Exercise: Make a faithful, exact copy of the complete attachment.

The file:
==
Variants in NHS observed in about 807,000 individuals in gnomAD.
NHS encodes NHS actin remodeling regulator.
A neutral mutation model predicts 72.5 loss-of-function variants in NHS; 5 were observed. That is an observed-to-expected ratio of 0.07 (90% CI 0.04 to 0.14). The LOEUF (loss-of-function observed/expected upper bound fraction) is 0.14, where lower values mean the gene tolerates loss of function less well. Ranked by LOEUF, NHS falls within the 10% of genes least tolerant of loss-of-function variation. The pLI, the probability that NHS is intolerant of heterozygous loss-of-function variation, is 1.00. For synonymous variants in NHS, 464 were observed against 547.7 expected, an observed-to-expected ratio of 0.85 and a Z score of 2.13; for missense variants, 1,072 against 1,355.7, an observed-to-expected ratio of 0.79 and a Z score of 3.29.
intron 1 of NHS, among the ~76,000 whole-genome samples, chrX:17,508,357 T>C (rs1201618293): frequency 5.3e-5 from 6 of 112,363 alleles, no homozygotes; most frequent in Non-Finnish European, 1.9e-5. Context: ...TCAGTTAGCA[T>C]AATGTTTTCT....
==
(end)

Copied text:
Variants in NHS observed in about 807,000 individuals in gnomAD.
NHS encodes NHS actin remodeling regulator.
A neutral mutation model predicts 72.5 loss-of-function variants in NHS; 5 were observed. That is an observed-to-expected ratio of 0.07 (90% CI 0.04 to 0.14). The LOEUF (loss-of-function observed/expected upper bound fraction) is 0.14, where lower values mean the gene tolerates loss of function less well. Ranked by LOEUF, NHS falls within the 10% of genes least tolerant of loss-of-function variation. The pLI, the probability that NHS is intolerant of heterozygous loss-of-function variation, is 1.00. For synonymous variants in NHS, 464 were observed against 547.7 expected, an observed-to-expected ratio of 0.85 and a Z score of 2.13; for missense variants, 1,072 against 1,355.7, an observed-to-expected ratio of 0.79 and a Z score of 3.29.
intron 1 of NHS, among the ~76,000 whole-genome samples, chrX:17,508,357 T>C (rs1201618293): frequency 5.3e-5 from 6 of 112,363 alleles, no homozygotes; most frequent in Non-Finnish European, 1.9e-5. Context: ...TCAGTTAGCA[T>C]AATGTTTTCT....